On the other hand, the watch can somehow sense my best wakeup time within 30 minutes of when I've set the Sleeptracker's alarm. When I did arise at the watch's urging, I felt better.


It would be nice if the watch had greater memory to store more than one day's readings, or if there was a way to wirelessly transfer the data to a software program to a computer, say via Bluetooth. Computer software to track the data would also be a plus. But for now, this is a neat device worth investigating.


On the way to work, the need for a handsfree cell phone headset fits with the increasing trend towards legislation requiring their use. The District of Columbia has done this for a few years; California will require it in 2008.


Over the past couple of years, the trend has been towards smaller and lighter Bluetooth headsets. The Jabra JX10 (www.jabra.com) may be one of the smallest and lightest of the lot. Jacob Jensen, a leading Danish design firm, created the device's design and it shows.


This is a tiny marvel. Wearing it, one hardly knows that it's there, until you have to make or receive a call. There's digital signal processing circuitry to knock out the background sounds, and noise cancellation technology to make what you say clearer. A single battery charge yields as much as six hours of talk time.


There's a price to be paid for all of this, and it's just under $180, which is six times - or more - the cost of wired headsets for mobile phones. But if you're running around, especially in areas where the law dictates, it could be the best money you've spent in a while.


At the office, the GN 9350 headset, made by GN Netcom, Jabra's parent firm (www.gnnetcom.com/US/EN/), could be one of the most versatile phone products since the arrival of the Touch-Tone phone more than forty years ago. The 9350 - retail price $300 - will connect to both your desktop phone and a Windows-based PC for what's called "IP telephony," or calls made via the Internet using services such as Skype.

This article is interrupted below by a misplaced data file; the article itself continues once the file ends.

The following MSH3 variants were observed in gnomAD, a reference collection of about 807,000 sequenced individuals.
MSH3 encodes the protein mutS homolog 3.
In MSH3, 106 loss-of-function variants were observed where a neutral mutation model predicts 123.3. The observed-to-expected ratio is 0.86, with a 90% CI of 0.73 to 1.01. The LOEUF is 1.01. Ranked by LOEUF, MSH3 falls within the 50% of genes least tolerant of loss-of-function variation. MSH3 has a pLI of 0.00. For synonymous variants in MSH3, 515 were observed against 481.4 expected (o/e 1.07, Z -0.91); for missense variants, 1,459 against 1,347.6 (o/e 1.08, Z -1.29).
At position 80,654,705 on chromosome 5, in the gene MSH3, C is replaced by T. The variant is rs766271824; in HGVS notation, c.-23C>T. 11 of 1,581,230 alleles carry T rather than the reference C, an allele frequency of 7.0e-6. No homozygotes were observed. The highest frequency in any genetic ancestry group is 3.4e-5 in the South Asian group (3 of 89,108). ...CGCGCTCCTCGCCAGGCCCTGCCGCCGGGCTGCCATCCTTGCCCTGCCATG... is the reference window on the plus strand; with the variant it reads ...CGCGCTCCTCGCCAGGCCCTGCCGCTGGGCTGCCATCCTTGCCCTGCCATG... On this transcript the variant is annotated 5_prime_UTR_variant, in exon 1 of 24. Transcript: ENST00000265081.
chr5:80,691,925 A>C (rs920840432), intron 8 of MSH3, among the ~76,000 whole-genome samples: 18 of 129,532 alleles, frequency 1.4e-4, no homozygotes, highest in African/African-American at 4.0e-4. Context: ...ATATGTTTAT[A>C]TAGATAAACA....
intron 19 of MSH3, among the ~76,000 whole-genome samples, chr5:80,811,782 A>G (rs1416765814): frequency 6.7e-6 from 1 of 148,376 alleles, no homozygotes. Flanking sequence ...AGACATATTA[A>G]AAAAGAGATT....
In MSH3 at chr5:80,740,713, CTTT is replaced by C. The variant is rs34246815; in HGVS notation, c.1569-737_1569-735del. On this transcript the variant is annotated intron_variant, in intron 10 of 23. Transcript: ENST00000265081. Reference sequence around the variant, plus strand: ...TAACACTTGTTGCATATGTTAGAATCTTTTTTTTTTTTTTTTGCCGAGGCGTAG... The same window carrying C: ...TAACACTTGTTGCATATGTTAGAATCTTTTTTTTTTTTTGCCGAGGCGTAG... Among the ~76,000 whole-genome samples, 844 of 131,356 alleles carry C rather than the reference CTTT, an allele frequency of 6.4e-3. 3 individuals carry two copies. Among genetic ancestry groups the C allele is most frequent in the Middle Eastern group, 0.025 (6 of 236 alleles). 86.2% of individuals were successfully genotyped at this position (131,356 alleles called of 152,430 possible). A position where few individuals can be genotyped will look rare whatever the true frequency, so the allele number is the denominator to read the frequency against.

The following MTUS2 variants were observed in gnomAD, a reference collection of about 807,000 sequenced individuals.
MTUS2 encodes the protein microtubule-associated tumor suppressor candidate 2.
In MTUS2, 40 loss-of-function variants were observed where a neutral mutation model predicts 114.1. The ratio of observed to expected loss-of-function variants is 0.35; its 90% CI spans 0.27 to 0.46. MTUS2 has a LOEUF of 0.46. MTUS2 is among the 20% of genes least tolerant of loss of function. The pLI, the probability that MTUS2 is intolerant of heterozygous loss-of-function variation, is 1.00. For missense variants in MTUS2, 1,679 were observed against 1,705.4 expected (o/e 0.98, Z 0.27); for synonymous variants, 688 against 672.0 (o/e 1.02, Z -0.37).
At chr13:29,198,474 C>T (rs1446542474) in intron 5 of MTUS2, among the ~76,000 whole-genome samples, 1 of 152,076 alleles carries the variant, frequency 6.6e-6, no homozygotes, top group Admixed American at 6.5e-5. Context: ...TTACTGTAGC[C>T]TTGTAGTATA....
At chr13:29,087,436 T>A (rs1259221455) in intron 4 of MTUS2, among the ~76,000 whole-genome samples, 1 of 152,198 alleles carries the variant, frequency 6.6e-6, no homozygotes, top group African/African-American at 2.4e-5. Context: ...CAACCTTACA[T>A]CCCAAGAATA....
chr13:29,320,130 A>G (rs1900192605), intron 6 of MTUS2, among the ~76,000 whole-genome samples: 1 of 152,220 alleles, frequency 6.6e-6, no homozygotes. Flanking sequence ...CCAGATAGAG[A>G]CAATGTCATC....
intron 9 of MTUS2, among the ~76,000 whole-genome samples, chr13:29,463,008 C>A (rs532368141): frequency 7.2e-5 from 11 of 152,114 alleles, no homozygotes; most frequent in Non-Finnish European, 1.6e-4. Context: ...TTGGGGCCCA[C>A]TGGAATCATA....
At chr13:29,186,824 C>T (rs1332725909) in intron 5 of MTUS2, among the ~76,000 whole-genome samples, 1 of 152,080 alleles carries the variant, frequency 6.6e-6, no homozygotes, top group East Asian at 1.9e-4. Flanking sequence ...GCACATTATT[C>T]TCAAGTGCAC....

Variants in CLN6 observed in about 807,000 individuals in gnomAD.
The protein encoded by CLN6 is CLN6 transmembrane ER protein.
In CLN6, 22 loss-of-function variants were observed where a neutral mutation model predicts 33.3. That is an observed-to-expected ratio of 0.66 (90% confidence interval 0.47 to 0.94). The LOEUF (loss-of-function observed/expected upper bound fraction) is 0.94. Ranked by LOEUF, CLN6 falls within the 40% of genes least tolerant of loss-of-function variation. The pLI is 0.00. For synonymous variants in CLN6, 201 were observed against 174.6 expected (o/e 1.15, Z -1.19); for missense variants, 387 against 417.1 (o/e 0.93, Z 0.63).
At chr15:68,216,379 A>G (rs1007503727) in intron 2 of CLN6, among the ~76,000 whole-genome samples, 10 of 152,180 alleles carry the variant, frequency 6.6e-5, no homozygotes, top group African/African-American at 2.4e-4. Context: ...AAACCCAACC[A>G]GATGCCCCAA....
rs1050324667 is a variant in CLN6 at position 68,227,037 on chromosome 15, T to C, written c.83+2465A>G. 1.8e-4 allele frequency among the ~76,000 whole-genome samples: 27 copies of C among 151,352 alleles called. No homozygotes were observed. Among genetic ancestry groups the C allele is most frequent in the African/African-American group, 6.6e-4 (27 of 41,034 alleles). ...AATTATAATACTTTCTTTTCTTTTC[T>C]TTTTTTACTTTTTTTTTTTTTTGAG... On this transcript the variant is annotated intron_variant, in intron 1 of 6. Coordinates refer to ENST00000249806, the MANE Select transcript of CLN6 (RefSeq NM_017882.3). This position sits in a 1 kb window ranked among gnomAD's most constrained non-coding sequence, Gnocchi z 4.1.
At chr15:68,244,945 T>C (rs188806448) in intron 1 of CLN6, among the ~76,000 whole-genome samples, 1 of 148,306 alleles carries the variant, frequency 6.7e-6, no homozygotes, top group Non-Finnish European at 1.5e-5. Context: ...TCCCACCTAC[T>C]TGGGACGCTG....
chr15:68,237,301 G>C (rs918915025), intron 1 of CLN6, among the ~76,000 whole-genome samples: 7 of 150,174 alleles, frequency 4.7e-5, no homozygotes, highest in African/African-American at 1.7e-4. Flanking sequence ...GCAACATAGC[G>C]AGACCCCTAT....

Sound quality for the headset is excellent, something very nice when talking on the phone. A headset allows a knowledge worker to type or write or do something while speaking; a wireless headset allows you to avoid cord tangles. As someone who takes notes on a computer while speaking - it's part of the writing game - this headset is close to bliss.


The notion of switching between dial-up and IP telephony is a neat one, and worth the price premium this headset commands. I do wish, however, that its makers would do whatever is necessary to make this work with a Macintosh system, since there are a number of Mac users out there, and the number is growing.


But if you straddle both worlds, this is a device to get. It will serve you well, it's easy to set up and when using it, you'll wonder how you ever got along without one!

Every weekday JewishWorldReview.com publishes what many in in the media and Washington consider "must-reading". Sign up for the daily JWR update. It's free. Just click here.

JWR contributor Mark Kellner has reported on technology for industry newspapers and magazines since 1983, and has been the computer columnist for The Washington Times since 1991.Comment by clicking here.

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© 2006, News World Communications, Inc. Reprinted with permission of The Washington Times. Visit the paper at http://www.washingtontimes.com